Comparative embryology is the study of how different types of organisms compare to one another during their fetal stages. The Greek philosopher Aristotle is considered the world's first recorded comparative embryologist, in that he was the first to publicly acknowledge that certain types of animals were born from eggs while others gave birth to live young.

Modern Comparative Embryology

During the modern age, scientists have used comparative embryology to study and gather evidence of evolution, which can be traced back to the work of Karl Ernst von Baer and Oscar Hertwig in the 1800s. Today, scientists study comparative embryology to better understand the reproductive cycles of all manners of animal life, and for practical reasons as well as simply to further human understanding. For example, marine biologists use highly advanced microscopes and time-lapse video to better understand the fertilization of marine embryos, gametes and larvae.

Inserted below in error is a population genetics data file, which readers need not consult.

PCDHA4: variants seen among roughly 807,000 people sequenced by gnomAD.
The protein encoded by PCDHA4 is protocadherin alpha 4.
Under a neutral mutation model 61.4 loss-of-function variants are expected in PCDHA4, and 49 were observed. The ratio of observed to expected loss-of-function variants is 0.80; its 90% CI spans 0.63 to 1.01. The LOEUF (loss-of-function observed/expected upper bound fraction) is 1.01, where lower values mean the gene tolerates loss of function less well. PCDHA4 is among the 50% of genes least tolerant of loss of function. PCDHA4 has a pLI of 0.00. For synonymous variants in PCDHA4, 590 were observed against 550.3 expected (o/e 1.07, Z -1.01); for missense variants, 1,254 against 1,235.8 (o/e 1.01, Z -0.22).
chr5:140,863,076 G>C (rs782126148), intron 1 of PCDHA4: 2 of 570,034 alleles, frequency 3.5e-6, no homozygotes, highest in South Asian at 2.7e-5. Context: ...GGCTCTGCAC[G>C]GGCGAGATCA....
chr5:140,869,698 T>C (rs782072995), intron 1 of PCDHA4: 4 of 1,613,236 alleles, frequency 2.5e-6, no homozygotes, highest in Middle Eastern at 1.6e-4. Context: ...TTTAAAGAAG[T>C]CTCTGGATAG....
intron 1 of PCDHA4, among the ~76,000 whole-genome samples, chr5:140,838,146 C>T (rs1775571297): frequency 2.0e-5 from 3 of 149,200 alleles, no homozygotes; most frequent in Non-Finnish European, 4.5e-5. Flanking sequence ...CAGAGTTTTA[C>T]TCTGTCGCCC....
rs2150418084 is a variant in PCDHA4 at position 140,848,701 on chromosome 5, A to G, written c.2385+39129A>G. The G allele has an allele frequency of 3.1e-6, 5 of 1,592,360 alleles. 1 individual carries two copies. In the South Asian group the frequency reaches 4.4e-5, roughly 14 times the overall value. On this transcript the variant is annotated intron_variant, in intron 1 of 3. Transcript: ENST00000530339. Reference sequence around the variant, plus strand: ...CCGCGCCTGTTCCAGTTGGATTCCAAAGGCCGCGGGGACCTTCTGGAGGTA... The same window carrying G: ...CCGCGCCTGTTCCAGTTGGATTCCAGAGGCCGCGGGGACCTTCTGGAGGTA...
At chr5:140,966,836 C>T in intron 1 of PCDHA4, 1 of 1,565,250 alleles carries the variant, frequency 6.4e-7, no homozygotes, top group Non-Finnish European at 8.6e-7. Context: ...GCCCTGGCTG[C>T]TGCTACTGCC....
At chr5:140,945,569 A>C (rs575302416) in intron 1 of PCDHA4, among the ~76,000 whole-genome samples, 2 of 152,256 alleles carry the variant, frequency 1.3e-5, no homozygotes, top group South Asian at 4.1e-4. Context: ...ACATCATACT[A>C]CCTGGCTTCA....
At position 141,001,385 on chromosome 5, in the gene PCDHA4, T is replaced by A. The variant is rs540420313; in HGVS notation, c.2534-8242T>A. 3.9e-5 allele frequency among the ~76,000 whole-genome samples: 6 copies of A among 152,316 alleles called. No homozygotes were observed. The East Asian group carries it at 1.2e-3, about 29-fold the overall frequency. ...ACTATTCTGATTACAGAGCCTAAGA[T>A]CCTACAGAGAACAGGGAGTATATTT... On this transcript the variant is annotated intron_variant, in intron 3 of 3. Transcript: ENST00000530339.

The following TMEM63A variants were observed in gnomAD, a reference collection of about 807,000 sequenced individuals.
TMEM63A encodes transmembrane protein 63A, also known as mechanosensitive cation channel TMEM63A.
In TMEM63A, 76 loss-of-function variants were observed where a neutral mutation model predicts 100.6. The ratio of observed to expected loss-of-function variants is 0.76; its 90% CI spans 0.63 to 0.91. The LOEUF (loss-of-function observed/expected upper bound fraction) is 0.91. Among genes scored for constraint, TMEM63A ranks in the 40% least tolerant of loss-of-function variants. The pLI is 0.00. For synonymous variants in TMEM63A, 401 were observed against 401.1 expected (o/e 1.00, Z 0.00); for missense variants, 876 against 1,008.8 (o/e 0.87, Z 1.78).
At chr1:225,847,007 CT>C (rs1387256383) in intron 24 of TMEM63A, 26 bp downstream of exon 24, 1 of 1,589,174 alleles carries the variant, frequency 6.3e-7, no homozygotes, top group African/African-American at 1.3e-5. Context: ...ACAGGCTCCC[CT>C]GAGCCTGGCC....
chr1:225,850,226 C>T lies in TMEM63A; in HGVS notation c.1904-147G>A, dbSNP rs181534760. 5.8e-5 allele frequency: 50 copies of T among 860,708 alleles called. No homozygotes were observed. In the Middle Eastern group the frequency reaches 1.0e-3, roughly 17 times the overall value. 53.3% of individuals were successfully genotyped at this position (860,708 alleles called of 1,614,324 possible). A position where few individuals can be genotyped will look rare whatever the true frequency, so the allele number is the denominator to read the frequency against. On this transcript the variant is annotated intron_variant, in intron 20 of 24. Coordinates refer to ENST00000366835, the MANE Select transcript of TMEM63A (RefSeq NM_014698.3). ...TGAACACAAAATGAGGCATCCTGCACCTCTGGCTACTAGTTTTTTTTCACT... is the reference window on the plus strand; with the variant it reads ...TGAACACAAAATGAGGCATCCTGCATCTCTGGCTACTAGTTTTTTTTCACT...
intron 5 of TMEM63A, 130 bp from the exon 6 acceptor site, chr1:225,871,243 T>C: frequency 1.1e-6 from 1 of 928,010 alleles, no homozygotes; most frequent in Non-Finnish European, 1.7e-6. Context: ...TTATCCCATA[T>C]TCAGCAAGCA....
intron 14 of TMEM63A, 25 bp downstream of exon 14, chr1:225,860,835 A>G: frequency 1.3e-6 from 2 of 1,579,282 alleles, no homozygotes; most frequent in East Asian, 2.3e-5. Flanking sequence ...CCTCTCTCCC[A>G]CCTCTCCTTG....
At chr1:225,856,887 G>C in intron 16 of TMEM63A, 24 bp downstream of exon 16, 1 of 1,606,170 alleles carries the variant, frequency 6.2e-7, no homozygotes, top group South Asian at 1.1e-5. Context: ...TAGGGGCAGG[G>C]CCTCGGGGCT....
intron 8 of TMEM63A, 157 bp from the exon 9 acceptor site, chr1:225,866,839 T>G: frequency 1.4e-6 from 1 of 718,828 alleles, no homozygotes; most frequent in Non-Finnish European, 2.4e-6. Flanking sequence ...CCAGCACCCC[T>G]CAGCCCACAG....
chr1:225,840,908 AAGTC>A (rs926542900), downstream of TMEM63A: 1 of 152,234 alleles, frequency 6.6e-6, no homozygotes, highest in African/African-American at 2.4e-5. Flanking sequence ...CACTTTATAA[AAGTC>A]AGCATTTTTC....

About the Author

Christopher Cascio is a memoirist and holds a Master of Fine Arts in creative writing and literature from Southampton Arts at Stony Brook Southampton, and a Bachelor of Arts in English with an emphasis in the rhetoric of fiction from Pennsylvania State University. His literary work has appeared in "The Southampton Review," "Feathertale," "Kalliope" and "The Rose and Thorn Journal."